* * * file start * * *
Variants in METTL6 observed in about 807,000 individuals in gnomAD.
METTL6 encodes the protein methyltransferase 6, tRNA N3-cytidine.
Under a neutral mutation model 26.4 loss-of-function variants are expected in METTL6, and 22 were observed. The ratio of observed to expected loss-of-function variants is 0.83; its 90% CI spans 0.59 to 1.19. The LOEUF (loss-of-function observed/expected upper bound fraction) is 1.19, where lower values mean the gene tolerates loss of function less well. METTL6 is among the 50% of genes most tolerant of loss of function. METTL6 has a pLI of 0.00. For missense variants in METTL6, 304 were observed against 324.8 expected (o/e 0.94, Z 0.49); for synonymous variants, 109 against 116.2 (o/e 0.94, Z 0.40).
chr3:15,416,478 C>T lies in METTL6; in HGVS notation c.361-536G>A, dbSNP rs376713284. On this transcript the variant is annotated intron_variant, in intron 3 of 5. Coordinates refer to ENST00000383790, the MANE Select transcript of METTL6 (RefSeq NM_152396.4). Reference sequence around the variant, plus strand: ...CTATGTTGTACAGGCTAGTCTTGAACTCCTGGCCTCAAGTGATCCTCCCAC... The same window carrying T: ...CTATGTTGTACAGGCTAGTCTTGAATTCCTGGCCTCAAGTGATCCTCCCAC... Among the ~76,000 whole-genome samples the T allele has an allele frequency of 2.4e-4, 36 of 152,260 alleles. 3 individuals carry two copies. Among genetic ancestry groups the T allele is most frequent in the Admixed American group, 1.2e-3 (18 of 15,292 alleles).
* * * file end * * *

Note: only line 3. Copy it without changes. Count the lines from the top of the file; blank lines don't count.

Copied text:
Under a neutral mutation model 26.4 loss-of-function variants are expected in METTL6, and 22 were observed. The ratio of observed to expected loss-of-function variants is 0.83; its 90% CI spans 0.59 to 1.19. The LOEUF (loss-of-function observed/expected upper bound fraction) is 1.19, where lower values mean the gene tolerates loss of function less well. METTL6 is among the 50% of genes most tolerant of loss of function. METTL6 has a pLI of 0.00. For missense variants in METTL6, 304 were observed against 324.8 expected (o/e 0.94, Z 0.49); for synonymous variants, 109 against 116.2 (o/e 0.94, Z 0.40).